Having recently missed the Bears' 43-yard field goal, kicker Cody Parkey (26) left the Chicago stadium under a shower of boos, then death threats and now memes – and all that despite the fact that the field goal was actually tipped on the line and Parkey himself scored more points against the Eagles that night than the Bears' entire attack (9 vs. 6).
Whether Parkey had missed the game, he undoubtedly felt like he was, a sentiment cosmically returned to the Eagles last Sunday when Alshon Jeffery, one of the League's best recipients, allowed Nick Foles to pass to distract his hands and into the corner of Marshon Lattimore: game over. Jeffery was on the pitch half a minute after the game and returned to the sideline, where Doug Pederson immediately hugged him with red eyes.
Yes, it was a tough weekend for athletes. Obviously nobody wants to lose a game due to a mistake (or thinks one did). And yet we were all there ̵
"You will be flooded with these really unpleasant, tormenting feelings," says Lisa M. Stephen. Ph.D., a New England Peak Performance Coach and Licensed Psychologist. "Allow yourself to feel what you feel – the fear, the anger (with yourself, with other people) – it does not have to be reasonable. Feel it and look at what you are going to do . "
So, whether you happen to be collecting points in a field or otherwise sympathizing with the lost nobles, you should get your mind off the playbook and take notes. Your mental health – and even your career – could depend on it.
If you're a player …
Some athletes can stabilize and get stressed, while others may turn into negative thinking, including acute anxiety or depressive feelings, according to Stephen. How you respond to failure determines both current and long-term health and athletic performance. The most successful athletes will face these obstacles while at the same time navigating (1) the current defeat and normalize and (2) position themselves for future success.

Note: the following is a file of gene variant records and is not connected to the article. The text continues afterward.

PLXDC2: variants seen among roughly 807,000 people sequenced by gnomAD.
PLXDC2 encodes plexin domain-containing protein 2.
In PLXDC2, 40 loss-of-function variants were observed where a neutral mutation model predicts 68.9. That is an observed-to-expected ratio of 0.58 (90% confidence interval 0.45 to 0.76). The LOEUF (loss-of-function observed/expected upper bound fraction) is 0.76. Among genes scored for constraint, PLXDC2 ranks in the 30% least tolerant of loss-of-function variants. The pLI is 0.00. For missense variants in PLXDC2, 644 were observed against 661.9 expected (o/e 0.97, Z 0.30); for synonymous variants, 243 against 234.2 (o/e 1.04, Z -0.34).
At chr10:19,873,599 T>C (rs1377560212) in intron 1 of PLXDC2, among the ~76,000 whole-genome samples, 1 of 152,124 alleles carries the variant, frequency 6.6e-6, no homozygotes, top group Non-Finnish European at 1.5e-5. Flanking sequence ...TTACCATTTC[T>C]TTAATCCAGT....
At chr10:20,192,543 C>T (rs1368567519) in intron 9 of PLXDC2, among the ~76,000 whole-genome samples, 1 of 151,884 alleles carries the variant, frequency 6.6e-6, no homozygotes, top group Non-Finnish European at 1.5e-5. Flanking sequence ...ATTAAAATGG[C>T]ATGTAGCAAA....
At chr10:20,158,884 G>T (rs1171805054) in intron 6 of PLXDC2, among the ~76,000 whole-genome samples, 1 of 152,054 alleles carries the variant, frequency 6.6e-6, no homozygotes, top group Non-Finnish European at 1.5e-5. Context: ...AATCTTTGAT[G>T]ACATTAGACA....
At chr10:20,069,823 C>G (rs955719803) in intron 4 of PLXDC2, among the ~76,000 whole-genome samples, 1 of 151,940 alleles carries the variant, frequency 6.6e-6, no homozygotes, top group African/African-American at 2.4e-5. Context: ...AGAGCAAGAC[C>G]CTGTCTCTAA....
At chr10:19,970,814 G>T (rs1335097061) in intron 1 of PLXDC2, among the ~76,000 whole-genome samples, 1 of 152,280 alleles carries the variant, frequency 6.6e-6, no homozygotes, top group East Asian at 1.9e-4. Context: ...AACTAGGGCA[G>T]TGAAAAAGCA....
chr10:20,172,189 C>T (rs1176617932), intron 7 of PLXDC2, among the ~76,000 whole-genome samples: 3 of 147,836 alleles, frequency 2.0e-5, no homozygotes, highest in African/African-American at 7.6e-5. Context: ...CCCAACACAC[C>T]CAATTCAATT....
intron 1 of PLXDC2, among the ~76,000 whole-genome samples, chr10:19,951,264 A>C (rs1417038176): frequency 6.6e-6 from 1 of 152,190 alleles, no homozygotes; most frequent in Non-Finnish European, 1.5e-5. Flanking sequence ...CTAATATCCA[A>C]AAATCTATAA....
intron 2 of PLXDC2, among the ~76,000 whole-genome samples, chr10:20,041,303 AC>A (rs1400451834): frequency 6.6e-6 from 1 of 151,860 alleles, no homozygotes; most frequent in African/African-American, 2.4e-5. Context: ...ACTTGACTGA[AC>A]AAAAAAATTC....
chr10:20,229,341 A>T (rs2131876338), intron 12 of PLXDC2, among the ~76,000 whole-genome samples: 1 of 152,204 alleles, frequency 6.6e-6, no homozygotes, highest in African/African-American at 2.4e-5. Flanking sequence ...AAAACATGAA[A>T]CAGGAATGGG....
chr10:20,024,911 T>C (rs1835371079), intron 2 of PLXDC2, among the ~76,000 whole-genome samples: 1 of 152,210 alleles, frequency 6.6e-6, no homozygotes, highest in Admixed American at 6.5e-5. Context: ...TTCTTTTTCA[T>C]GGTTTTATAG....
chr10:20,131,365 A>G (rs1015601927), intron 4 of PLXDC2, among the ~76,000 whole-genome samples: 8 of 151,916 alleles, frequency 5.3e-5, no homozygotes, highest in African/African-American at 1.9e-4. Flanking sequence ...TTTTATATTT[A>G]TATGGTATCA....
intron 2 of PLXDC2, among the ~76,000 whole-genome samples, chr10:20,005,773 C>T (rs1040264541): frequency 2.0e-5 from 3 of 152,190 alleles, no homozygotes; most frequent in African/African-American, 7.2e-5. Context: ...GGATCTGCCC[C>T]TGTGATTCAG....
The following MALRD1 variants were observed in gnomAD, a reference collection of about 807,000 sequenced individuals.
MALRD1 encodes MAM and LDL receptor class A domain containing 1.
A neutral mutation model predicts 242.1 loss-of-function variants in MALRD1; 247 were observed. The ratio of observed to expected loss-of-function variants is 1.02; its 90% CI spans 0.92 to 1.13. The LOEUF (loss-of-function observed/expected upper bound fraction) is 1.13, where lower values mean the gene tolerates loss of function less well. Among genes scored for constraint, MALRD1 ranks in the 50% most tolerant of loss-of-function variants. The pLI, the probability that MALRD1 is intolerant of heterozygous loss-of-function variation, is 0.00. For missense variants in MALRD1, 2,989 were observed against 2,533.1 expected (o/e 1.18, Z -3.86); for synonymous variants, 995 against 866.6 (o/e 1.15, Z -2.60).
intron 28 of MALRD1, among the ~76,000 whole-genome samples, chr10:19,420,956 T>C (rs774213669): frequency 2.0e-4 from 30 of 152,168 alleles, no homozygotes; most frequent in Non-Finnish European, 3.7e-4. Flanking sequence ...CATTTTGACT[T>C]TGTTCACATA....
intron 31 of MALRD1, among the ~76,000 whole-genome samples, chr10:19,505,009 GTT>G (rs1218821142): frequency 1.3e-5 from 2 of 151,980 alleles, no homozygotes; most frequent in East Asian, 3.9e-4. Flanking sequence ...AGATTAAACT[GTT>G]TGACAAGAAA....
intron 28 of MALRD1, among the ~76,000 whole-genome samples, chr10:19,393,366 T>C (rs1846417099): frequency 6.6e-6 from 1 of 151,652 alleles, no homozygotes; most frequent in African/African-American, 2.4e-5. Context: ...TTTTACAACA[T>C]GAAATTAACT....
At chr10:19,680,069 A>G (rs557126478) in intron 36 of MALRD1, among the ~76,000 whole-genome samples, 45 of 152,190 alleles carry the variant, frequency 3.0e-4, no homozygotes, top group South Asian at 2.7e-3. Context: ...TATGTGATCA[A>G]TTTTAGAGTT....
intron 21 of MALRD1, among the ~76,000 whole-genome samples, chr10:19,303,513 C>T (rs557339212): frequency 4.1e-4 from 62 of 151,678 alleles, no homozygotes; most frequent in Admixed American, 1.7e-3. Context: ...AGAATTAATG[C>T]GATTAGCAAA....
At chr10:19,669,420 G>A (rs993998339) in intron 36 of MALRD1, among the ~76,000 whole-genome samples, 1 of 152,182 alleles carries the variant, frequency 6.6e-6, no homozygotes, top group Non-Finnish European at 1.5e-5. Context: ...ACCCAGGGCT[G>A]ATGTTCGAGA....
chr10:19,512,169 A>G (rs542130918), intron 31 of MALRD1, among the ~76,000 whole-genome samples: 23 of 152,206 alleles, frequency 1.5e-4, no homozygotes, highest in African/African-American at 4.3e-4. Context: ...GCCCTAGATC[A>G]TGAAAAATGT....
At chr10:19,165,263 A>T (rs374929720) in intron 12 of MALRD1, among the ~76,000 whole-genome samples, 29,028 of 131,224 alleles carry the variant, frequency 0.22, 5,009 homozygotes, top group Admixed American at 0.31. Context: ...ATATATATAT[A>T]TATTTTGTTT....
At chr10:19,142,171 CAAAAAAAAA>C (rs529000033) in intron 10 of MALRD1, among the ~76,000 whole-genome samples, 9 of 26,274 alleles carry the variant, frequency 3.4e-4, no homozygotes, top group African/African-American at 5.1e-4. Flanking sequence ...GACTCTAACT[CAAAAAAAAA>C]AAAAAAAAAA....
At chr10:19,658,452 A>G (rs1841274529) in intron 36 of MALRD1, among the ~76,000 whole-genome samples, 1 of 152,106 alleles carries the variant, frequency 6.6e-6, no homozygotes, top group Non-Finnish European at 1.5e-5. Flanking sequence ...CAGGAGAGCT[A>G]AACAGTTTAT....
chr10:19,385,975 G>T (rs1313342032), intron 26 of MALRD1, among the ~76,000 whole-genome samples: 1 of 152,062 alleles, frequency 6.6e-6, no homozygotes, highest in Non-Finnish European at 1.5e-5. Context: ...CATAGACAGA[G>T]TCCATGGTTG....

. 1 The Current Failure
The first hurtle, after the mistake and anger, frustration and long journey home, tries to put your mistake into context. "Recognize that these things happen to all players in a variety of situations," Stephen advises, "and that it's normal to take part in contests."
It takes some work to get there. First, you want to mitigate as little unconstructive criticism as possible, and instead look for reliable sources of support that you can build, but not wrong. The key is to develop and identify true statements about yourself that contradict negative insight. These findings are beliefs like "I have no talent. I am a terrible player. "If you are an athlete playing at a high level, this is unlikely. "Look at the true data," Stephen says, like videos of you and game stats. Work on a more realistic assessment: "I failed. It happens to everyone. "
Recognizing true statements also helps you to view mistakes as anomalistic. In your head, failure should be the exception to the rule, not the rule itself, says Stephen. If you come to that conclusion, you may even see the failure as an integral part of your game – and even Michael Jordan missed 26 potentially winning shots ("I've failed again and again in my life …" and that's why I succeed. ") Failure can account for some of the most humiliating and pathetic moments in sport – and those that show the kind of competitors you are.
For younger athletes without robust statistic sheets (and even for the elite), visualization exercises can also help overcome fear of play or disappointment. Imagine moments when you've played well when you're "in it" – performing at its peak. Think of this as "success control". (Having fun can be an important marker for those moments, when did you enjoy the performance?) Look, when you've done this three-point shot and ask yourself: How did my body feel? did I think? Continue to alert your brain to these highlights.